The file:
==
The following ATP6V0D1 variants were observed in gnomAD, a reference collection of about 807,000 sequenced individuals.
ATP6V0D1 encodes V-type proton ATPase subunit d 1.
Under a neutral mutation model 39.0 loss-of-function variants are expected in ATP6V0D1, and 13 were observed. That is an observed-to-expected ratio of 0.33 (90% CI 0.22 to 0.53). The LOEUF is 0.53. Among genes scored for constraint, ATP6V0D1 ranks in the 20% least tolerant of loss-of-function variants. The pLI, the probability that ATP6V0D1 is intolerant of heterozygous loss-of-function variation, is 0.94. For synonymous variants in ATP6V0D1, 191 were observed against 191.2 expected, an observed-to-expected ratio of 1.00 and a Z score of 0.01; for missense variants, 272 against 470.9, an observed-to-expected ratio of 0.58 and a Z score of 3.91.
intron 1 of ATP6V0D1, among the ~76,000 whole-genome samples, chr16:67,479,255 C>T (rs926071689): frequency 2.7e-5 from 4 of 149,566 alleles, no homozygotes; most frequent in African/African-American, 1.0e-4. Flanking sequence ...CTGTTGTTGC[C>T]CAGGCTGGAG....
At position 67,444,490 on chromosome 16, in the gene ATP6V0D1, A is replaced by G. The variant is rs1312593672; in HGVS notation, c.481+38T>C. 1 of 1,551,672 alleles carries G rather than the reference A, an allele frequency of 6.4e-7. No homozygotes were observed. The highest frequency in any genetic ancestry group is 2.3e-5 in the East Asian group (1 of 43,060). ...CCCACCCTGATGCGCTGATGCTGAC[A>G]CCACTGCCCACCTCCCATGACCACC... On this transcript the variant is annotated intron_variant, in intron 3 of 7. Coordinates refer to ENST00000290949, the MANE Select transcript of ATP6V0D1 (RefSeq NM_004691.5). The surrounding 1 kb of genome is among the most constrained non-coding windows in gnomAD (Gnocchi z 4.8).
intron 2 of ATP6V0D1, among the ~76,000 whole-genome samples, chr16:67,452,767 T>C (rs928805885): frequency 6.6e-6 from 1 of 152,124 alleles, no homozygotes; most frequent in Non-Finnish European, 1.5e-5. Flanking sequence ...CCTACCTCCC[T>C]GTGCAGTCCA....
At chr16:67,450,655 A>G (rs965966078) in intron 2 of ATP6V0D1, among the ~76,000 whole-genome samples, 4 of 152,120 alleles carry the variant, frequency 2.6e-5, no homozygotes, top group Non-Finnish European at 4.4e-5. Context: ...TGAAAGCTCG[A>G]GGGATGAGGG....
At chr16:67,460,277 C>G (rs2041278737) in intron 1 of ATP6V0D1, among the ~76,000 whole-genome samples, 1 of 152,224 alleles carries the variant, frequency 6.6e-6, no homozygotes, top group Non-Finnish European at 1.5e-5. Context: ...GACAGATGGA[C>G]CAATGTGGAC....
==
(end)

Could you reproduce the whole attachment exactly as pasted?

The following ATP6V0D1 variants were observed in gnomAD, a reference collection of about 807,000 sequenced individuals.
ATP6V0D1 encodes V-type proton ATPase subunit d 1.
Under a neutral mutation model 39.0 loss-of-function variants are expected in ATP6V0D1, and 13 were observed. That is an observed-to-expected ratio of 0.33 (90% CI 0.22 to 0.53). The LOEUF is 0.53. Among genes scored for constraint, ATP6V0D1 ranks in the 20% least tolerant of loss-of-function variants. The pLI, the probability that ATP6V0D1 is intolerant of heterozygous loss-of-function variation, is 0.94. For synonymous variants in ATP6V0D1, 191 were observed against 191.2 expected, an observed-to-expected ratio of 1.00 and a Z score of 0.01; for missense variants, 272 against 470.9, an observed-to-expected ratio of 0.58 and a Z score of 3.91.
intron 1 of ATP6V0D1, among the ~76,000 whole-genome samples, chr16:67,479,255 C>T (rs926071689): frequency 2.7e-5 from 4 of 149,566 alleles, no homozygotes; most frequent in African/African-American, 1.0e-4. Flanking sequence ...CTGTTGTTGC[C>T]CAGGCTGGAG....
At position 67,444,490 on chromosome 16, in the gene ATP6V0D1, A is replaced by G. The variant is rs1312593672; in HGVS notation, c.481+38T>C. 1 of 1,551,672 alleles carries G rather than the reference A, an allele frequency of 6.4e-7. No homozygotes were observed. The highest frequency in any genetic ancestry group is 2.3e-5 in the East Asian group (1 of 43,060). ...CCCACCCTGATGCGCTGATGCTGAC[A>G]CCACTGCCCACCTCCCATGACCACC... On this transcript the variant is annotated intron_variant, in intron 3 of 7. Coordinates refer to ENST00000290949, the MANE Select transcript of ATP6V0D1 (RefSeq NM_004691.5). The surrounding 1 kb of genome is among the most constrained non-coding windows in gnomAD (Gnocchi z 4.8).
intron 2 of ATP6V0D1, among the ~76,000 whole-genome samples, chr16:67,452,767 T>C (rs928805885): frequency 6.6e-6 from 1 of 152,124 alleles, no homozygotes; most frequent in Non-Finnish European, 1.5e-5. Flanking sequence ...CCTACCTCCC[T>C]GTGCAGTCCA....
At chr16:67,450,655 A>G (rs965966078) in intron 2 of ATP6V0D1, among the ~76,000 whole-genome samples, 4 of 152,120 alleles carry the variant, frequency 2.6e-5, no homozygotes, top group Non-Finnish European at 4.4e-5. Context: ...TGAAAGCTCG[A>G]GGGATGAGGG....
At chr16:67,460,277 C>G (rs2041278737) in intron 1 of ATP6V0D1, among the ~76,000 whole-genome samples, 1 of 152,224 alleles carries the variant, frequency 6.6e-6, no homozygotes, top group Non-Finnish European at 1.5e-5. Context: ...GACAGATGGA[C>G]CAATGTGGAC....